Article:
And the way of Jesus is NOT about fear. The way of Jesus is about love. And as the Apostle John reminds us, “there is no fear in love, but perfect love drives out fear” (I John 4:18).
Our gospel lesson today, if we read it in its larger context, gives us a powerful story of what that looks like. What it really looks like for love to drive out fear.
Jesus’s “new commandment” that we read today is not “new” as a call to love. Love has always been at the heart of God’s law. What is new is that we are commanded to love “just as I have loved you.”
When Jesus gave this command he had just given the disciples an example of the kind of love to which he is calling them: a love that is shocking, even dangerous. That’s because Jesus is not commanding his follower to have kind, warm feelings, he is calling us to the kind of boundary-crossing actions of love that he has just demonstrated.
That’s why we need to read these verses in context, because the context is what makes this command real. The context is the last supper at which Jesus took on the role of a servant and washed his disciples’ feet. In that action Jesus shows his disciples what he means when he commands them to love like he loves, and in the process, he disrupts their assumptions about purity.
We see that disruption in the interaction between Peter and Jesus. At first Peter is upset about Jesus serving him in this way that breaks all the social rules, but when Jesus tells Peter “unless I wash you, you have no share with me” (John 13:8), Peter goes overboard in the other direction – wanting a whole bath!
But Peter doesn’t get what Jesus is doing, so Jesus has to explain – you’re already clean! Here’s how the SALT commentary paraphrases what Jesus is saying:
“Don’t doubt your worth or propriety – I’m not washing you because you’re unclean, but rather in order to demonstrate the kind of dignifying love I have in mind (John 13:6-10). You aren’t greater than me, mind you (John 13:16), but neither are you lesser; I will call you not ‘servants’ but friends (John 15:12-15). I kneel and wash your feet to drive this point home, to set an example for you, so you might go and do likewise for one another. Listen – I’m leaving and I’m entrusting my love to you. Take up the mantle! Love as I have loved you, making friends, not servants, bridging divides between ‘above’ and ‘below,’ ‘insider’ and ‘outsider,’ ‘clean’ and ‘unclean.’”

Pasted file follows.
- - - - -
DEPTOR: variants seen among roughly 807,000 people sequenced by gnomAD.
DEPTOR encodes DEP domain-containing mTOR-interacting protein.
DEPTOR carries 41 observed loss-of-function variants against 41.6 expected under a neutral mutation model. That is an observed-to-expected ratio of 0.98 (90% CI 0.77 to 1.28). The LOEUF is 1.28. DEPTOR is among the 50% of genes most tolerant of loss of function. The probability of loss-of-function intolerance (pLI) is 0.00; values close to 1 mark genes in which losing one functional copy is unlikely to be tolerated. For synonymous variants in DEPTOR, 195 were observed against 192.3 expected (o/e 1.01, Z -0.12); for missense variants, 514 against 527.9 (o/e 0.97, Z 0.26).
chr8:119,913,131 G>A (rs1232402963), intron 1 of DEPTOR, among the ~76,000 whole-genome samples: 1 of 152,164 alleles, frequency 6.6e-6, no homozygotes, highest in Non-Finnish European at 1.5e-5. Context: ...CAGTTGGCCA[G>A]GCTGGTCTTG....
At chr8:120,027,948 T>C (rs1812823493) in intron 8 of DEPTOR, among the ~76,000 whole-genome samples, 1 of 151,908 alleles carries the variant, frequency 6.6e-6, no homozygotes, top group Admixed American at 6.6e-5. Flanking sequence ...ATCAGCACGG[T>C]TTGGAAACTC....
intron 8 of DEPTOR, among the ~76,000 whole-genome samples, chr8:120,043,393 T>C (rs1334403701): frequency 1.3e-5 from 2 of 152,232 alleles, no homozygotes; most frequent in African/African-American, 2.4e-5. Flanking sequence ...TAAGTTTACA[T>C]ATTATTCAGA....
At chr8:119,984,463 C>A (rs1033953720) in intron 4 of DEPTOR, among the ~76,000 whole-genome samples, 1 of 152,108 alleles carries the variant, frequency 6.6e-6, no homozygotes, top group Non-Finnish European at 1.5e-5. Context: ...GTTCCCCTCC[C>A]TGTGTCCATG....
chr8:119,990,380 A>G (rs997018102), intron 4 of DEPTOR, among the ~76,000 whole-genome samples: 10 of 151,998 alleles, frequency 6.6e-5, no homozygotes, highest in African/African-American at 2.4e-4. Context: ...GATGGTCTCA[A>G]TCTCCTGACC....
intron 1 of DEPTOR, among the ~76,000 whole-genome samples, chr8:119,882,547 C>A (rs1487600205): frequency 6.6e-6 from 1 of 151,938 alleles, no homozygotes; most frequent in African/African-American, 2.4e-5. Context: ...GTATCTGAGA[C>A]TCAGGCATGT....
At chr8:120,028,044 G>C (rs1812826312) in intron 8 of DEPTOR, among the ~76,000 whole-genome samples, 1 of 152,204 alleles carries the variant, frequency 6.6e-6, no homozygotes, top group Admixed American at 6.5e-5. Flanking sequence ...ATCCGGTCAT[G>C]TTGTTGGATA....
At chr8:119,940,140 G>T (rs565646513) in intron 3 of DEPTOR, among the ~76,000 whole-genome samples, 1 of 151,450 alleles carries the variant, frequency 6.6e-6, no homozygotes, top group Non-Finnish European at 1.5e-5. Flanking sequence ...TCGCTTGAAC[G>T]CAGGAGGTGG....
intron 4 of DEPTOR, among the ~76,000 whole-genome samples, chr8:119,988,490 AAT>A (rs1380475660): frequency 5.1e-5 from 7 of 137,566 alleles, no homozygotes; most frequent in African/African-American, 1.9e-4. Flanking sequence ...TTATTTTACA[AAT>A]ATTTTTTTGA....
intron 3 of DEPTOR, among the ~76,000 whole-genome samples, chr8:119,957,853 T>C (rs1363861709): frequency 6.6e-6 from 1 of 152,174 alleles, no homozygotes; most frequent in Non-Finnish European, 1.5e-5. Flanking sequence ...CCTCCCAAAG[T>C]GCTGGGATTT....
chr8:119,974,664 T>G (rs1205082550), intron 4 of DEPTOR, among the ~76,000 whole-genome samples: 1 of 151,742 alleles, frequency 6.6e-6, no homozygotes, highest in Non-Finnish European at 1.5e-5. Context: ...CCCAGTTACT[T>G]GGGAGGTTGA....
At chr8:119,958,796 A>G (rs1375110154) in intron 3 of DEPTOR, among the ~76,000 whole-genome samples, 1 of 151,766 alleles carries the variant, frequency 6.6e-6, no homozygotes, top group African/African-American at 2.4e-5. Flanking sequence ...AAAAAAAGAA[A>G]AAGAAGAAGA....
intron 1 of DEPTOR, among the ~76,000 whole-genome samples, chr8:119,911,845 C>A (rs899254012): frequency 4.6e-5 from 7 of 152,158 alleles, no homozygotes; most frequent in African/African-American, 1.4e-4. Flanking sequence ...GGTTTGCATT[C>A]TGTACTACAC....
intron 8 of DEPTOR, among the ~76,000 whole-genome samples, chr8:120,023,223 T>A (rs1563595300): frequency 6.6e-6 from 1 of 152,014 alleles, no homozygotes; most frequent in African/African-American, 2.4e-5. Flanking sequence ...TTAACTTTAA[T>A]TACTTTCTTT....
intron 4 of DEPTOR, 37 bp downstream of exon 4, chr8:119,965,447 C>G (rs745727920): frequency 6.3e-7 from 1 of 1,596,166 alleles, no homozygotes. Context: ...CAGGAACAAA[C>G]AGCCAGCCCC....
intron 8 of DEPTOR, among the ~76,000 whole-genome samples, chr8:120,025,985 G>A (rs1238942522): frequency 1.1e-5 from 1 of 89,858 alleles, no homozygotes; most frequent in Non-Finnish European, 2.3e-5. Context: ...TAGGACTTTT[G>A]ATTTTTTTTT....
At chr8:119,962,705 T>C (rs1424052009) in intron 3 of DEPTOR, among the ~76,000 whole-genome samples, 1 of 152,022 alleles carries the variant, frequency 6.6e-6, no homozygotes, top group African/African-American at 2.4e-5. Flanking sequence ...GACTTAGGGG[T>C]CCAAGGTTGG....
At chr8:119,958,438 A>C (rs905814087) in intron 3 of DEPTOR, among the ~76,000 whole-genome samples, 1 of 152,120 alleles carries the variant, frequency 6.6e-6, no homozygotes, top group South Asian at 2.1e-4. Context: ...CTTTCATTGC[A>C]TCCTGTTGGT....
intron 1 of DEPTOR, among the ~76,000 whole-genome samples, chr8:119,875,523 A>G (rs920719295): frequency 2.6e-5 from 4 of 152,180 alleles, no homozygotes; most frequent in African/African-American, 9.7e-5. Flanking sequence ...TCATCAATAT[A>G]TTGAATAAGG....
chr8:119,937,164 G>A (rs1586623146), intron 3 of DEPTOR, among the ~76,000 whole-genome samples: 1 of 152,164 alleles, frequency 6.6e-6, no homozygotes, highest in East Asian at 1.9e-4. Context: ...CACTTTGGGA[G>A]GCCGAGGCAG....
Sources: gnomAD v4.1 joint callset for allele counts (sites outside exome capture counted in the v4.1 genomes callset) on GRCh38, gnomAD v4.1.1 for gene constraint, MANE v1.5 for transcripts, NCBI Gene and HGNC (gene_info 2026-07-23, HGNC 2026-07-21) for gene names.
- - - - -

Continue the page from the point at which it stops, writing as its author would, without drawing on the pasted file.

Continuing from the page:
You see, love is NOT about purity. It’s about dignity, and value, and bringing the outsiders in.
But lest we forget just how hard this command is, we need to remember another thing about the immediate context of these verses. Jesus gives this command after he has washed the feet of both Peter and Judas....
And right before Jesus gives the command, Judas leaves to betray him....
And right after Jesus gives the command, he predicts Peter’s betrayal.
When he tells us to love as he loved, he is telling us to love even the ones who will betray and deny us, even the people whom we cannot trust to keep us safe.
It’s a profoundly counter-cultural model. And, of course, it raises valid questions about safety and abuse. I don’t think Jesus is telling abused women to “love” their abusers by staying with them, or people who are being victimized to passively accept their victimization. Jesus is calling for those who might impose power-over to instead serve, not the other way around.
But what Jesus IS doing is modelling for his followers a new way to respond to fear, to the recognition that the world is not a safe place and that there will be people or circumstances in our lives that will hurt us.
Our instinct in response to that reality is usually to try to make ourselves safe. To draw lines, or make rules, that keep the dangerous people out.
Our instinct is to manufacture a culture of purity where nothing dangerous is allowed inside.
But Jesus doesn’t tell us to stay safe. And he doesn’t tell us to keep ourselves separate in order to protect our purity. He tells us to love, as he has loved.
I started this sermon with a reference to Nadia Bolz-Weber’s contrast between purity and holiness in which she defines purity as separation-from, and holiness as union-with. This is a definition grounded in the biblical witness, and it points us to the HOPE that I see in Jesus’s very challenging command. Our instincts push us toward separation, because we think that’s how to keep ourselves safe. But safety isn’t what meets our deepest needs, holiness is. Because holiness is what unites us – with God and with each other. Holiness is what reminds us that just as we are called to love in really challenging ways, so too we are loved in ways that no “uncleanness” can touch.
Purity sounds nice. It feels safe. But I rather have union. I’d rather have love.
Thanks be to God.
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 Nadia Bolz-Weber, Shameless: A Sexual Reformation, Convergent Books, 2019